Verse 9:

The salvation that all have been waiting for, across all the ages, will be visible “on that day.”

In our Easter faith, we identify “the Lord for whom we have waited” with the Risen Christ. “Let us be glad and rejoice” (c.f. Psalm 118: 24).

Some comments and reflections:

The “Road to Emmaus” Icon by Sister Marie Paul OSB of the Mount of Olives Monastery, Jerusalem (1990), commissioned by the Canadian theologian Father Thomas Rosica

The resurrection accounts in the Gospel present a number of meals the Risen Christ shares with the disciples:

1, The Risen Christ appears to the disciples as they are eating (Mark 16: 14).
2, The Risen Christ shares the evening meal at Emmaus (Luke 24: 36-43).
3, The Risen Christ prepares breakfast for the disciples on the shores of the Sea of Galilee (John 21: 1-14).

In this reading from the Book of Isaiah, the prophet is looking forward to the Day of the Lord when God’s purposes will be fulfilled. In images later picked up in the Book of Revelation to describe the culmination of history, Isaiah looks forward to the day when death will be swallowed up for ever and when “the Sovereign Lord will wipe away the tears from all faces.”

This picture of the final establishment of God’s will, the coming of God’s Kingdom that we long for, is couched in terms of a banquet, “On this mountain, the Lord Almighty will prepare a feast of rich food for all peoples, a banquet of aged wine – the best of meats and the finest of wines” (Isaiah 25: 6).

This depiction of heaven in terms of a banquet is picked up regularly by Christ in his teaching. A well-known example is the parable of the Great Banquet, in which a man prepares a great feast and invites many guests. When some of these guests make excuses, then the invitation is extended to all and sundry (Luke 14: 15-24). That parable conveys the message that not just the original guests (the Israelites) are invited to the Banquet, but now all people (the Gentiles) are invited to share in this banquet.

Later in Saint Luke’s Gospel, Jesus looks forward to the heavenly banquet as he confronts his own death when he says to the disciples at the Last Supper: “I will not drink again of the fruit of the vine until the Kingdom of God comes” (Luke 22: 18).

The Eucharist is the anticipation of this heavenly banquet that awaits us all. This vision of the banquet table at the end of time is one of the most beautiful, hopeful visions of the future in the Bible. The great banquet is part of the Messianic expectation (see Luke 14: 15-24; Revelation 19: 5-9), so that Christ frequently uses the image of a wedding banquet or feast (Matthew 22: 1-14; Matthew 25: 1-13; Luke 14: 15-24).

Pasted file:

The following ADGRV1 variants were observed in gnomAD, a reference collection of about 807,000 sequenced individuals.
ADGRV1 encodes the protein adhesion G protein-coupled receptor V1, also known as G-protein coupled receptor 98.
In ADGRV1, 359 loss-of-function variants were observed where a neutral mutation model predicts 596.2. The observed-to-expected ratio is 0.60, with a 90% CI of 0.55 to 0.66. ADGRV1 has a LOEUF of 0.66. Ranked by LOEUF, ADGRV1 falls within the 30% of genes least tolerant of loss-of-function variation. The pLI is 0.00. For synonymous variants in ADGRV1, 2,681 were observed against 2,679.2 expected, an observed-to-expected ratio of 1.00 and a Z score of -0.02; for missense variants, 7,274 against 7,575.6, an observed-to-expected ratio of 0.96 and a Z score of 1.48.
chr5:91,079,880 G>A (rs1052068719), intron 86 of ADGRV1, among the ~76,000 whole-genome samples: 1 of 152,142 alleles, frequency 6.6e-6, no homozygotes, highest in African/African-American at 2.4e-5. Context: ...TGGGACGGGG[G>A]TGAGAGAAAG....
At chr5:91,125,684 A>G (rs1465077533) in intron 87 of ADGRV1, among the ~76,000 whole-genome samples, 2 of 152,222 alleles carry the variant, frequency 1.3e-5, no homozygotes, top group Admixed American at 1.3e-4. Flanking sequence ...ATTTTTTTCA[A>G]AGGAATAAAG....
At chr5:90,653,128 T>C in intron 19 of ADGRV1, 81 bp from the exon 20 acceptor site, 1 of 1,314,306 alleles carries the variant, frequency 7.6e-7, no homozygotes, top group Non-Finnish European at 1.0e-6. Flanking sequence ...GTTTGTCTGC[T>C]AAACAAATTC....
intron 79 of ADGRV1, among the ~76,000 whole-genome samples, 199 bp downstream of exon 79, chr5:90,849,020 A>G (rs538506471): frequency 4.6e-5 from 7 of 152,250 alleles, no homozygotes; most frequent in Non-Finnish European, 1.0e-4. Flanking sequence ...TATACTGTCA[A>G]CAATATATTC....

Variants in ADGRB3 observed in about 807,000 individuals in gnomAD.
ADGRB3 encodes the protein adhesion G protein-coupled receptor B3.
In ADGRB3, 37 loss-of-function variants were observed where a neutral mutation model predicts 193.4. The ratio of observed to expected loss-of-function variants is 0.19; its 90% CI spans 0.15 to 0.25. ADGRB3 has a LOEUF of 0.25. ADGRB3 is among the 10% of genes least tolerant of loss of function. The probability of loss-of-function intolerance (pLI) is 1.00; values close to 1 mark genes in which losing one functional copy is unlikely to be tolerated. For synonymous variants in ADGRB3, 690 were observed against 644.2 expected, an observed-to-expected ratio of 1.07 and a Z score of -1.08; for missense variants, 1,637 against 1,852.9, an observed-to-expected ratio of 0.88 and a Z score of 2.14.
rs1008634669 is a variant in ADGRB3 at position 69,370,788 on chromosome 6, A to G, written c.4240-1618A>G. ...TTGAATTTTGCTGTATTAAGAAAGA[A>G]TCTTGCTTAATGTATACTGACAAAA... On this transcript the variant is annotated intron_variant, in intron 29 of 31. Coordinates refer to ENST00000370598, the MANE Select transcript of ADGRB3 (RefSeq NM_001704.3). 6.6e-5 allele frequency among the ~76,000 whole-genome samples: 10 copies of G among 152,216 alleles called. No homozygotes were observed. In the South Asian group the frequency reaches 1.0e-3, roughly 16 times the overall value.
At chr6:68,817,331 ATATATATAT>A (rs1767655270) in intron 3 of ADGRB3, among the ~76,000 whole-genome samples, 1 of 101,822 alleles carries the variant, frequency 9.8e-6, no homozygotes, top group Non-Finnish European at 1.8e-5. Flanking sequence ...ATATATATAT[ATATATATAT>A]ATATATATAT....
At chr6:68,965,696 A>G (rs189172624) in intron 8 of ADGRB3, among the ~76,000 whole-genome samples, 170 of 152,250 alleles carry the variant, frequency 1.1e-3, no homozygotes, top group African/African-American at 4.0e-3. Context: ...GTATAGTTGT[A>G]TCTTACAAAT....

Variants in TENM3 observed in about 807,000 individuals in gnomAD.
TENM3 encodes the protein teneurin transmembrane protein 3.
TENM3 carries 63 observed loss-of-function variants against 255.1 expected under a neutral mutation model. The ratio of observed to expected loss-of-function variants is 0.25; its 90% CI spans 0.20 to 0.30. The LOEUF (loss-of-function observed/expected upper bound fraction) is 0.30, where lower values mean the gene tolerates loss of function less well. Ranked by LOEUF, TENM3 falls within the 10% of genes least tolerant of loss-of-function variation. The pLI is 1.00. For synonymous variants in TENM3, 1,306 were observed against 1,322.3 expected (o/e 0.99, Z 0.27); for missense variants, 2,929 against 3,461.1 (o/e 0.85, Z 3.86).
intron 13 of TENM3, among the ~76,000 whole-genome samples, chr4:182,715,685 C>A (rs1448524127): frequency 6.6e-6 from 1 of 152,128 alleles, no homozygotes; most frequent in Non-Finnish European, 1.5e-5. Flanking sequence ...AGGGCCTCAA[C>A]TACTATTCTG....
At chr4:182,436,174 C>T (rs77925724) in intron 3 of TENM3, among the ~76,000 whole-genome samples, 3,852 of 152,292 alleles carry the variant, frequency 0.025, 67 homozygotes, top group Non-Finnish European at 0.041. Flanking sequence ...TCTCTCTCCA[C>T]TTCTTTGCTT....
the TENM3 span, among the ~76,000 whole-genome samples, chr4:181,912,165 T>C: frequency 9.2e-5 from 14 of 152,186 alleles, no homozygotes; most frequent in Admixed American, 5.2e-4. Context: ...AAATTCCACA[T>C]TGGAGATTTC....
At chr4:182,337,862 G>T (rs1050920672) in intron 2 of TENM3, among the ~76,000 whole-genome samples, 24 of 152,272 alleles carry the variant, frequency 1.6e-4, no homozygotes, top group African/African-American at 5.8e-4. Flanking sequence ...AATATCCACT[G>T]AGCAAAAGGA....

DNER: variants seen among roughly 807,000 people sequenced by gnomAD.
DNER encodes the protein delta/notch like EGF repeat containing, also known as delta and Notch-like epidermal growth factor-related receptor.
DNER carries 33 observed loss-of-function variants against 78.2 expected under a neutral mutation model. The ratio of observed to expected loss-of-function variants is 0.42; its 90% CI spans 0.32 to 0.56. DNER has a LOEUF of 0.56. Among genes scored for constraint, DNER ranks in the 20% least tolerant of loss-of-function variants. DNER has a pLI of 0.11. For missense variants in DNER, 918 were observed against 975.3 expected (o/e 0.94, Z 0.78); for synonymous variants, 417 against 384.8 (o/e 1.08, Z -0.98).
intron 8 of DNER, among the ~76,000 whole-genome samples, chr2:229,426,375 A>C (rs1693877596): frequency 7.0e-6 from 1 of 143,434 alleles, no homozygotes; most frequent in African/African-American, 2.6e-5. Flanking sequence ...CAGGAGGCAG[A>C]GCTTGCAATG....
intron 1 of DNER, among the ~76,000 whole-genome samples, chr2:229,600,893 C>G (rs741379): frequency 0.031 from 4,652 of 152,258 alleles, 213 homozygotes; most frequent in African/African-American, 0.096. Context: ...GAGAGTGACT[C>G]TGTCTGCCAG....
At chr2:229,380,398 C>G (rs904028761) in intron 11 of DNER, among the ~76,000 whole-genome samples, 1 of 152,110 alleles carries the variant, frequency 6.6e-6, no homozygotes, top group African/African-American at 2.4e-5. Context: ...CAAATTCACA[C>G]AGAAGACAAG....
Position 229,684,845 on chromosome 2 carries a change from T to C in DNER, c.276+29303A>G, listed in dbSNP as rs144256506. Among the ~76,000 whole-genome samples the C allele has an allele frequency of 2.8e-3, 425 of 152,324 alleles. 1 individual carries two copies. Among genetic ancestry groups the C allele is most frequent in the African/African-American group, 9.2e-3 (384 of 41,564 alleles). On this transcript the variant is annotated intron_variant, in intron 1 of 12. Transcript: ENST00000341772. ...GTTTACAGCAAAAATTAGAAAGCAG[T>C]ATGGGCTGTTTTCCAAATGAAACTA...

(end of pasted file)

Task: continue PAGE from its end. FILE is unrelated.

How great and wonderful it is to be invited to this special meal. Everyone is there – old friends, family, past, present and future generations are all seated together.

But Isaiah also has a second account of the banquet in Isaiah 65: 11-15, where those who are called do not answer, those who are spoken to do not listen, those who are chosen do evil. These people go hungry while the servants eat, go thirsty while the servants drink, are put to shame while the servants rejoice, cry out with heart-felt pain and wail while the servant sing with glad hearts,

Isaiah sees two groups of people in this second account of the great end-time banquet: one group of people sitting at the table of rich food; the other a group of people who were once in a fortified palace, but who were ruthless and whose city is a heap of ruins.

Earlier in Isaiah 25, God puts an end to their ruthlessness so that he could host his banquet. Who are the ones that need to take shelter from these ruthless people? Specifically Isaiah says, you have been a refuge to the poor, a refuge to the needy in their distress (Isaiah 25: 4).

The poor and the needy are always the targets of the ruthless, but God will reverse their plight. Isaiah says the great banquet at the end of time will be “for all peoples” (verse 6), and not just the elite few.

Isaiah says that the city of the ruthless is to become a heap and a ruin (verse 2). The city of the people who think they are too good to accept the invitation to the banquet is sacked.

Christ’s whole life on earth involved extending the invitation to the banquet to those others refused to dine with: the lame, the blind, people with leprosy, people with demons women, children, the hungry, the needy, tax collectors, former prostitutes, soldiers, Romans, Samaritan women, Syro-Phoenician women, penitent thieves and Pharisees too.

And these are the people we are invited to dine with on Easter morning. The only way I can lose my place at that table is by thinking I am better than anyone else he has invited to the banquet.